Why Do We Dream?

By: Stephanie Osuba

Dreams are one of the phenomena of the human experience in that we are still not sure why they happen. One proposed explanation is that is how the brain is able to process all the emotions, information, and memories that happened throughout the day; day-residue. In fact, there are numerous researches that indicate that most of our dream content is heavily influenced by our conscious state. Most of the characters in dreams are recognizable by name and autobiographical memories such as dreaming of pregnancy and birth while pregnant are just a few examples. However, this doesn’t always immediately happen. Sometimes there is a dream lag where something that happened a week prior comes up in a dream. This could be an important aspect of memory consolidation.

Dreams also allow us to confront things that are beyond our capability when awake. Cases in which people that are born paralyzed dream of running and swimming, deaf people reporting hearing, and other phenomena further prove that dreams can be a sort of virtual reality that promotes survival and growth. Dreaming can also be an outlet in which people who have experienced trauma and grief can come to terms with and process their emotions. These experiences are often replayed in dreams and manifest in a number of different ways (e.g. nightmares with PTSD and receiving messages from a dead family member with the bereaved).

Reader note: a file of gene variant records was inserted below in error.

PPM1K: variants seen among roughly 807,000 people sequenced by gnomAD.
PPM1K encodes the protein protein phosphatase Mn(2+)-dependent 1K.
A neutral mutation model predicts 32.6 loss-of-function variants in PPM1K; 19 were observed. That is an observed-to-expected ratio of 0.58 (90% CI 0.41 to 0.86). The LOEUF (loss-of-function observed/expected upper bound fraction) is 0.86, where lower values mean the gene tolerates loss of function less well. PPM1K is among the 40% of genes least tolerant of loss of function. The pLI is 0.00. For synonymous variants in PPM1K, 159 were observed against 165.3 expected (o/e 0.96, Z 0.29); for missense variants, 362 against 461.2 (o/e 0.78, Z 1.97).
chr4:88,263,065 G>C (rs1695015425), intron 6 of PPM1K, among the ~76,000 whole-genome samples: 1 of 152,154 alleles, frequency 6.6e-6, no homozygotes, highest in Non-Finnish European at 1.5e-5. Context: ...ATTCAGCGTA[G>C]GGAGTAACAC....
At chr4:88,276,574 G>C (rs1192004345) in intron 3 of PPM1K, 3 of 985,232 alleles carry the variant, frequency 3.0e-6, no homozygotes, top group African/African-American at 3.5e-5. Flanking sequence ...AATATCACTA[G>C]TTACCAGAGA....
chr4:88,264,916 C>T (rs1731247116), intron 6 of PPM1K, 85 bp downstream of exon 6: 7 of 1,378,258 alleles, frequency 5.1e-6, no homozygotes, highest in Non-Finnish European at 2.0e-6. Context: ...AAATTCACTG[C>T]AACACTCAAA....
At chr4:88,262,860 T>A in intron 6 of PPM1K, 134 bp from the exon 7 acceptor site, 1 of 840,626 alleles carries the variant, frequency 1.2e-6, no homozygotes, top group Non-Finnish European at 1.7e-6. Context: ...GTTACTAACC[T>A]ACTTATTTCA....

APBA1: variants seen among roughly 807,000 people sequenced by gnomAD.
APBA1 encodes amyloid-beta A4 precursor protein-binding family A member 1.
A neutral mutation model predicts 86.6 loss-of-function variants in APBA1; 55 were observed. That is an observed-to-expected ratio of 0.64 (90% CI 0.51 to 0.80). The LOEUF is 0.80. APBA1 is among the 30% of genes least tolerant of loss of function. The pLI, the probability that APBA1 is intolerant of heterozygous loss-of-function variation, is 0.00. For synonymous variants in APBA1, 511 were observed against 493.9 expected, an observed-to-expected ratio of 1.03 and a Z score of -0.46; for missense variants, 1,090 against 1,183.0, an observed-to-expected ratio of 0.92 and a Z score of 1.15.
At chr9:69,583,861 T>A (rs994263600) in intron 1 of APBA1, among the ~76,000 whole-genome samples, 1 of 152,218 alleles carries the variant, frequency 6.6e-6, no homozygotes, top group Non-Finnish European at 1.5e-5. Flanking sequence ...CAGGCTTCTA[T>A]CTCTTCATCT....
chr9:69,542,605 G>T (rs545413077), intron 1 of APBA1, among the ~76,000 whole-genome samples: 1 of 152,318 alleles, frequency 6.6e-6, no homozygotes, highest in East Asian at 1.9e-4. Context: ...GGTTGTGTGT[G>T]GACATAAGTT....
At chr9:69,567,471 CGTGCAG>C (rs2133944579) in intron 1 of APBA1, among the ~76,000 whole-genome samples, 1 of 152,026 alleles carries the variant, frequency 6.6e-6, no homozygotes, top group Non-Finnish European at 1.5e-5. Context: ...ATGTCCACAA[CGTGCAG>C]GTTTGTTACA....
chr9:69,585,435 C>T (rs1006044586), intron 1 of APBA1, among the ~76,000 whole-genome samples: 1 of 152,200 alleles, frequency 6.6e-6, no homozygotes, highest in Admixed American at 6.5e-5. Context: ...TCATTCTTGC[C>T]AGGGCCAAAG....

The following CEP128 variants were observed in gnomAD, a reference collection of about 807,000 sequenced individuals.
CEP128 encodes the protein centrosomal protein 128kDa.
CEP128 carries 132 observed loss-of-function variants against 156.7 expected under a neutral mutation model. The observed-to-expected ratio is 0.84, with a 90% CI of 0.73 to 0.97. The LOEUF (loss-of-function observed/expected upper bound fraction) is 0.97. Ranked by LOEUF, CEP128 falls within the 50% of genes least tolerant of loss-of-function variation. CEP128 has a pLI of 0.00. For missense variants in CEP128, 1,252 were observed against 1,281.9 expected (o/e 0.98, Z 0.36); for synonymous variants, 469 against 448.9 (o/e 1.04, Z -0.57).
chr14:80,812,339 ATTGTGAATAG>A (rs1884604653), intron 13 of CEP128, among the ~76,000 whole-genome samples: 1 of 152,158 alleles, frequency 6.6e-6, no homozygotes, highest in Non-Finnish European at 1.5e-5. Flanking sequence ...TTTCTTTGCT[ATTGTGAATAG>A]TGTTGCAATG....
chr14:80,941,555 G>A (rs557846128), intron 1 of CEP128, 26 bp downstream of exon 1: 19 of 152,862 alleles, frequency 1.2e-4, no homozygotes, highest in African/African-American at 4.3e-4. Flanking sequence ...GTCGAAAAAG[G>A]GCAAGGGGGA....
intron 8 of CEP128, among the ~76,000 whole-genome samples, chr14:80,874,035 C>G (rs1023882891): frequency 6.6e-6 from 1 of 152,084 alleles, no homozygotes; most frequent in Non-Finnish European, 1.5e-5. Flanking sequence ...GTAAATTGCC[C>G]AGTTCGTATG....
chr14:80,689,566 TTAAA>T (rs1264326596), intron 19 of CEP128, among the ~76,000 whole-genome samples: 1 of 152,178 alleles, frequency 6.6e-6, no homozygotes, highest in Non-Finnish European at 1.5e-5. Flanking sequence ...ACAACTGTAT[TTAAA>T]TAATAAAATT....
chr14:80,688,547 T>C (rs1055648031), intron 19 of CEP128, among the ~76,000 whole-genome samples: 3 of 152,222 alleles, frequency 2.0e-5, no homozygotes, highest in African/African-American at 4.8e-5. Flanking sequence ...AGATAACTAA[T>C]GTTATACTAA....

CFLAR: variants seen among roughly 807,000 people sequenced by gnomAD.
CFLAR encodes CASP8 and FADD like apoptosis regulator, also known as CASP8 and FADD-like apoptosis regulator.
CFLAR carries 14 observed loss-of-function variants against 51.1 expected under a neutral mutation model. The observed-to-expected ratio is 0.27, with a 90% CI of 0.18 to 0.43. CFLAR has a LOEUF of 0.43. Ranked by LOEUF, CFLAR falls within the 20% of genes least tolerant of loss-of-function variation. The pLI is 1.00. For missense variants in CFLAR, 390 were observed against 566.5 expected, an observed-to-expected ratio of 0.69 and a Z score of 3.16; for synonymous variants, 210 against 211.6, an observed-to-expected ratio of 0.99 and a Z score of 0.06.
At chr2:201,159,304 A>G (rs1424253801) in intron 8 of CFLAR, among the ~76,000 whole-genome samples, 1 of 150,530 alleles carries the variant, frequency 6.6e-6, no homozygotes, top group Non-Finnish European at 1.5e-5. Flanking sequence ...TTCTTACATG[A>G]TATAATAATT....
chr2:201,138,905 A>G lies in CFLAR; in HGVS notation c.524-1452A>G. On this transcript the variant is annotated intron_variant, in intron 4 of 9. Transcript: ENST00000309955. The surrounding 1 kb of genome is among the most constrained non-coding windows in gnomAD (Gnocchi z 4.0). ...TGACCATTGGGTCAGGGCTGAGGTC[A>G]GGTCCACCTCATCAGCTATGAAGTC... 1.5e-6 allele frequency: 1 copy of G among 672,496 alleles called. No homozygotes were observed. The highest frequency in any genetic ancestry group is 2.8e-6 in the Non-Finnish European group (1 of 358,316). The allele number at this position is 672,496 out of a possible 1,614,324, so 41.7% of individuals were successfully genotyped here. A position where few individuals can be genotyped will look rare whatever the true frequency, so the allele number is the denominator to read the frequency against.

Some common dream subjects include:

  • School (studying or test taking)
  • Flying
  • Falling
  • Being chased
  • Sexual fantasies
  • Being late
  • Dreaming of someone dead being alive and vice versa
  • Being physically attacked

Source: Breus, M. J., Ph.D. (n.d.). Why We Dream What We Dream. Retrieved from https://www.psychologytoday.com/us/blog/sleep-newzzz/201501/why-we-dream-what-we-dream 

If you or someone you know needs help regarding sleep and dreams, please contact our psychotherapy offices in New York or New Jersey to talk to one of our licensed professional psychologists, psychiatrists, psychiatric nurse practitioners, or psychotherapists at Arista Counseling & Psychotherapy. Contact our Paramus, NJ or Manhattan, NY offices respectively, at (201) 368-3700 or (212) 722-1920 to set up an appointment. For more information, please visit http://www.counselingpsychotherapynjny.com/.

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